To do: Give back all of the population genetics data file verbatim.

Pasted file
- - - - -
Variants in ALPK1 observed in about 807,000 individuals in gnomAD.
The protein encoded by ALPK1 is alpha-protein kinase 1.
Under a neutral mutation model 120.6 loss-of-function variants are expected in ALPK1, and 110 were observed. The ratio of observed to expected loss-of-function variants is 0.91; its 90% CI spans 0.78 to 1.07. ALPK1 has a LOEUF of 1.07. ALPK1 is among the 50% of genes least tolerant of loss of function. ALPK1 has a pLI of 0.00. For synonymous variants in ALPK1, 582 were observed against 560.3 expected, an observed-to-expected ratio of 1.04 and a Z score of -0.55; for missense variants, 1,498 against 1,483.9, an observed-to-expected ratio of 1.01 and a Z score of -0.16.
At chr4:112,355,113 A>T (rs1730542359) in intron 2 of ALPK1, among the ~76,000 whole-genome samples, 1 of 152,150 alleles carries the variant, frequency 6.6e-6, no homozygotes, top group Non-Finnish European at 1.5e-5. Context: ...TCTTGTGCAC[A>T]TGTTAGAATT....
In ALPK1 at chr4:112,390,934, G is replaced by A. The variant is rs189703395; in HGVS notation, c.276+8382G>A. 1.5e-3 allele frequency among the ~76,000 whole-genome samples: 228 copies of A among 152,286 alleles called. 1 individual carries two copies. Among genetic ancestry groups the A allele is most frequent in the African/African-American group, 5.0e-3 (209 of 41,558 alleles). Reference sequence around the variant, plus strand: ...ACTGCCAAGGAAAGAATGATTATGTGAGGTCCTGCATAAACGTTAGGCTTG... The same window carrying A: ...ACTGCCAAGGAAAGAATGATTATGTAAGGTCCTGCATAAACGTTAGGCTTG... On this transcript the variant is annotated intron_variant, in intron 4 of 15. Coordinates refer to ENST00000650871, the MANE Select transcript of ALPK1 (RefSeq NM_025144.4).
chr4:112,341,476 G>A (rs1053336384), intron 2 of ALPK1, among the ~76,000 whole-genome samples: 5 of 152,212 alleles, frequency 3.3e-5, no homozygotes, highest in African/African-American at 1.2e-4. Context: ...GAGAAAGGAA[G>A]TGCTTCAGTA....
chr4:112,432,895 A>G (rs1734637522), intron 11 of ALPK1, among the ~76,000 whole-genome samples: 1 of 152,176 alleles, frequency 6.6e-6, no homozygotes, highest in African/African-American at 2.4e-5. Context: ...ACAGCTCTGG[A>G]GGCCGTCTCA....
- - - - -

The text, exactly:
Variants in ALPK1 observed in about 807,000 individuals in gnomAD.
The protein encoded by ALPK1 is alpha-protein kinase 1.
Under a neutral mutation model 120.6 loss-of-function variants are expected in ALPK1, and 110 were observed. The ratio of observed to expected loss-of-function variants is 0.91; its 90% CI spans 0.78 to 1.07. ALPK1 has a LOEUF of 1.07. ALPK1 is among the 50% of genes least tolerant of loss of function. ALPK1 has a pLI of 0.00. For synonymous variants in ALPK1, 582 were observed against 560.3 expected, an observed-to-expected ratio of 1.04 and a Z score of -0.55; for missense variants, 1,498 against 1,483.9, an observed-to-expected ratio of 1.01 and a Z score of -0.16.
At chr4:112,355,113 A>T (rs1730542359) in intron 2 of ALPK1, among the ~76,000 whole-genome samples, 1 of 152,150 alleles carries the variant, frequency 6.6e-6, no homozygotes, top group Non-Finnish European at 1.5e-5. Context: ...TCTTGTGCAC[A>T]TGTTAGAATT....
In ALPK1 at chr4:112,390,934, G is replaced by A. The variant is rs189703395; in HGVS notation, c.276+8382G>A. 1.5e-3 allele frequency among the ~76,000 whole-genome samples: 228 copies of A among 152,286 alleles called. 1 individual carries two copies. Among genetic ancestry groups the A allele is most frequent in the African/African-American group, 5.0e-3 (209 of 41,558 alleles). Reference sequence around the variant, plus strand: ...ACTGCCAAGGAAAGAATGATTATGTGAGGTCCTGCATAAACGTTAGGCTTG... The same window carrying A: ...ACTGCCAAGGAAAGAATGATTATGTAAGGTCCTGCATAAACGTTAGGCTTG... On this transcript the variant is annotated intron_variant, in intron 4 of 15. Coordinates refer to ENST00000650871, the MANE Select transcript of ALPK1 (RefSeq NM_025144.4).
chr4:112,341,476 G>A (rs1053336384), intron 2 of ALPK1, among the ~76,000 whole-genome samples: 5 of 152,212 alleles, frequency 3.3e-5, no homozygotes, highest in African/African-American at 1.2e-4. Context: ...GAGAAAGGAA[G>A]TGCTTCAGTA....
chr4:112,432,895 A>G (rs1734637522), intron 11 of ALPK1, among the ~76,000 whole-genome samples: 1 of 152,176 alleles, frequency 6.6e-6, no homozygotes, highest in African/African-American at 2.4e-5. Context: ...ACAGCTCTGG[A>G]GGCCGTCTCA....